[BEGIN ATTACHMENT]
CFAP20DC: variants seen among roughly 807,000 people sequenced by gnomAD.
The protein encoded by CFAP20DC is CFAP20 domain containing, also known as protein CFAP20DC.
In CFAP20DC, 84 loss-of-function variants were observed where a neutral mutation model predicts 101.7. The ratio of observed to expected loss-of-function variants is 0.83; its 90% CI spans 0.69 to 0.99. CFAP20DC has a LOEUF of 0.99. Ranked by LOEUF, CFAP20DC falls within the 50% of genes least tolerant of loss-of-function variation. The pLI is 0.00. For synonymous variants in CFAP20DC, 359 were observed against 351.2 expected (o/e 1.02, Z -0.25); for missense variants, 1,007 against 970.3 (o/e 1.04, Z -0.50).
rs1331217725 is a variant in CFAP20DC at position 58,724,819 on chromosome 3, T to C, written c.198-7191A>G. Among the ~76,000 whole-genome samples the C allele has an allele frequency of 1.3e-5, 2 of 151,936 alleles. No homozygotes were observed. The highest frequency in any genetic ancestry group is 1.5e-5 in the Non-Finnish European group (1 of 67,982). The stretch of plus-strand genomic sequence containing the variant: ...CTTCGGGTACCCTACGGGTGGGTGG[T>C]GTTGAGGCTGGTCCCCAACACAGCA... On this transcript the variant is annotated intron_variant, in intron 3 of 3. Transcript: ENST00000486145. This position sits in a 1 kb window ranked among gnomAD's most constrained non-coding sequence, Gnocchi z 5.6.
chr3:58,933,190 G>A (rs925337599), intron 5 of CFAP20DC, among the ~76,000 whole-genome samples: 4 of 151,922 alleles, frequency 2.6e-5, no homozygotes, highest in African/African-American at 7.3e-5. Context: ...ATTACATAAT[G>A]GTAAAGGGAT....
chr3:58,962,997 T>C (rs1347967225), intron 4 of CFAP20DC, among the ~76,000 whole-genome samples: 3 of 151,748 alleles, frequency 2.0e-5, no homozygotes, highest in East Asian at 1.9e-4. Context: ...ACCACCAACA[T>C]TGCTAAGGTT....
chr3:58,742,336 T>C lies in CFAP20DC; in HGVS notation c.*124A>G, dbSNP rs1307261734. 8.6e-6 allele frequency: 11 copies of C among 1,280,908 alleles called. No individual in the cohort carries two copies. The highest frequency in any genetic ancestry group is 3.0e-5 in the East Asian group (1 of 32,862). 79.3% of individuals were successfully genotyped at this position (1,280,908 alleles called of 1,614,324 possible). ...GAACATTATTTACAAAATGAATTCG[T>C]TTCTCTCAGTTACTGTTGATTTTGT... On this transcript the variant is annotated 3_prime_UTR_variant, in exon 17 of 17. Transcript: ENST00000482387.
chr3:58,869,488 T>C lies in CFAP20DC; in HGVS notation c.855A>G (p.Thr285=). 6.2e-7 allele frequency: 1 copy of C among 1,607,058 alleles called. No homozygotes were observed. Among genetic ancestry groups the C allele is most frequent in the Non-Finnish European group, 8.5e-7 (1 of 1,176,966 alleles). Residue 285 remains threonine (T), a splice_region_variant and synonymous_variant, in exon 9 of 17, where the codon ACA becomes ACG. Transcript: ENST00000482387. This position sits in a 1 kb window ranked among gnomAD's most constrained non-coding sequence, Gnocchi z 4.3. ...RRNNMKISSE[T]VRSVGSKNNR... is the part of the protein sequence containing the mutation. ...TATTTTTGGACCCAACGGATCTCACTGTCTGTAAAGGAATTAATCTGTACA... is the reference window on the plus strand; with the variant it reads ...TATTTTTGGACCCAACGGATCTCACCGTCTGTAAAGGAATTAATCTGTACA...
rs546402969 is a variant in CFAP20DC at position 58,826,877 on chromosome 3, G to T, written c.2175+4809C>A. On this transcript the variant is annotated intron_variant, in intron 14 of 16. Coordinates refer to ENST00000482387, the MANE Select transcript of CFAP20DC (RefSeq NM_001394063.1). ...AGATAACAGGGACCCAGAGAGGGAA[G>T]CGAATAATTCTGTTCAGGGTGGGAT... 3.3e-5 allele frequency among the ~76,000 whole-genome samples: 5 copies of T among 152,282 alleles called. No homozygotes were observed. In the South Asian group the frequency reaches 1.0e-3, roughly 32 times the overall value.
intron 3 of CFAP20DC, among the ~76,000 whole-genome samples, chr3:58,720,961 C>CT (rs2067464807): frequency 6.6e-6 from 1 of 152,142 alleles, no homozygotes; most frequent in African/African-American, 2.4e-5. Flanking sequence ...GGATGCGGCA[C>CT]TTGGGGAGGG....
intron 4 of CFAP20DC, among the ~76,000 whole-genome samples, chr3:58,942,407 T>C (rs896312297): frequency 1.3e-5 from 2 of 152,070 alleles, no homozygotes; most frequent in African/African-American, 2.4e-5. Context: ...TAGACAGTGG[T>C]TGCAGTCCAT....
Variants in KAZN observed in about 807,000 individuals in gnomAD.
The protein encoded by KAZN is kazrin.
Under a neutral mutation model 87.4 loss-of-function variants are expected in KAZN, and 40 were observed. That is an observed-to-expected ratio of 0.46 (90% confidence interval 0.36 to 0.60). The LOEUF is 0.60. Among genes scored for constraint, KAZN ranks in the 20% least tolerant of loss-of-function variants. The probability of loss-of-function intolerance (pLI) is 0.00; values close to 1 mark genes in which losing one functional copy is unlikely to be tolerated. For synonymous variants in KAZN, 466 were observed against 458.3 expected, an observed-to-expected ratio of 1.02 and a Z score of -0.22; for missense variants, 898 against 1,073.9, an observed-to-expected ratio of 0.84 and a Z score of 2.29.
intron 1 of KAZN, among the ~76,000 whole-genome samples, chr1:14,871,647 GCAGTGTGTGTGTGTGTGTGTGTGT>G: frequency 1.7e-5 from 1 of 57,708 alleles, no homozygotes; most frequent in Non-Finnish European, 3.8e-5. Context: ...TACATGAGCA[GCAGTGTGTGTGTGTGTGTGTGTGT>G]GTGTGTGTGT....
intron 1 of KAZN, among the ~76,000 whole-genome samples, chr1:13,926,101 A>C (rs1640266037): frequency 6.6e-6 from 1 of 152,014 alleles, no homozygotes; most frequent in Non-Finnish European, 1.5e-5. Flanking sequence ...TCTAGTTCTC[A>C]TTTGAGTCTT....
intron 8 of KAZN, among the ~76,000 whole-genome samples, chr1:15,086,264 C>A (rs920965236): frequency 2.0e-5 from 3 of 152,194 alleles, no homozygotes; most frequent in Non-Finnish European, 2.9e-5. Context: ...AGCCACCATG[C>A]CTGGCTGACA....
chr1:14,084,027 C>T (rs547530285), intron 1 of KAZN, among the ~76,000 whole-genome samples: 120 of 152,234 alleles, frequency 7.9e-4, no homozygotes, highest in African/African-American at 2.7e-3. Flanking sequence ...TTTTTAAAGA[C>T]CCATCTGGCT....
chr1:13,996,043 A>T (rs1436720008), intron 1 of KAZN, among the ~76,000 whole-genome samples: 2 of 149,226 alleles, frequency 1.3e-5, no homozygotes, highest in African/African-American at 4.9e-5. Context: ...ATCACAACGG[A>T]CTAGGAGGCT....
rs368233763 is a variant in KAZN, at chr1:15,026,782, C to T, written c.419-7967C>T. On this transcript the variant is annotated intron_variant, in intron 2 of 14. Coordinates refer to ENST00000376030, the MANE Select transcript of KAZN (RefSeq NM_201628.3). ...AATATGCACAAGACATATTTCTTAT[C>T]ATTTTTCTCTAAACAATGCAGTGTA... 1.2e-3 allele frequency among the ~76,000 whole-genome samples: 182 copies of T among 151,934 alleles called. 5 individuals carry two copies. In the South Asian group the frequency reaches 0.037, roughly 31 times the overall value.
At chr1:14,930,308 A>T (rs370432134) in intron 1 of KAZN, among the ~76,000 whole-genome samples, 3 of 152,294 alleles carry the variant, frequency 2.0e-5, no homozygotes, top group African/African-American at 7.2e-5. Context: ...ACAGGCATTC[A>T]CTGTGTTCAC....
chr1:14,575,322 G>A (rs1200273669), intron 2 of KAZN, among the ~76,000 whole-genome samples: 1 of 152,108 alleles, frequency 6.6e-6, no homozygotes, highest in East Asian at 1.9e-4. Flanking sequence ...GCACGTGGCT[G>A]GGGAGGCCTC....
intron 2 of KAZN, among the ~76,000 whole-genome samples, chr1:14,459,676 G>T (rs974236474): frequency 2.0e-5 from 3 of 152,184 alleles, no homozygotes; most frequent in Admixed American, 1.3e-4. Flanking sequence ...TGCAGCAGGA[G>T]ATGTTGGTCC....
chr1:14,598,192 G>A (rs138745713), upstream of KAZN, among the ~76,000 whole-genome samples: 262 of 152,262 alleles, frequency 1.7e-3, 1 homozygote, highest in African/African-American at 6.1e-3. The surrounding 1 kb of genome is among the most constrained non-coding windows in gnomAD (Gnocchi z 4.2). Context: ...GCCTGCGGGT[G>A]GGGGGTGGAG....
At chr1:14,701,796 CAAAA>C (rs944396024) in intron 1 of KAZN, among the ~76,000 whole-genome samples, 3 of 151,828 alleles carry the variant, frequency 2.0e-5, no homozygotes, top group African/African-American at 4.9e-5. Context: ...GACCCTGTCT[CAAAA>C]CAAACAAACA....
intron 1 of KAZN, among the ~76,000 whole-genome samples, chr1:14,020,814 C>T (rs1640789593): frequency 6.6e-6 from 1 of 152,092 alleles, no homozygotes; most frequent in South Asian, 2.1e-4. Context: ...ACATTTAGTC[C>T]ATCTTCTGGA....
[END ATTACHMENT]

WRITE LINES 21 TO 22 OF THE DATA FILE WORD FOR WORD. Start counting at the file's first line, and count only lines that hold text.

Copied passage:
At chr1:14,930,308 A>T (rs370432134) in intron 1 of KAZN, among the ~76,000 whole-genome samples, 3 of 152,294 alleles carry the variant, frequency 2.0e-5, no homozygotes, top group African/African-American at 7.2e-5. Context: ...ACAGGCATTC[A>T]CTGTGTTCAC....
chr1:14,575,322 G>A (rs1200273669), intron 2 of KAZN, among the ~76,000 whole-genome samples: 1 of 152,108 alleles, frequency 6.6e-6, no homozygotes, highest in East Asian at 1.9e-4. Flanking sequence ...GCACGTGGCT[G>A]GGGAGGCCTC....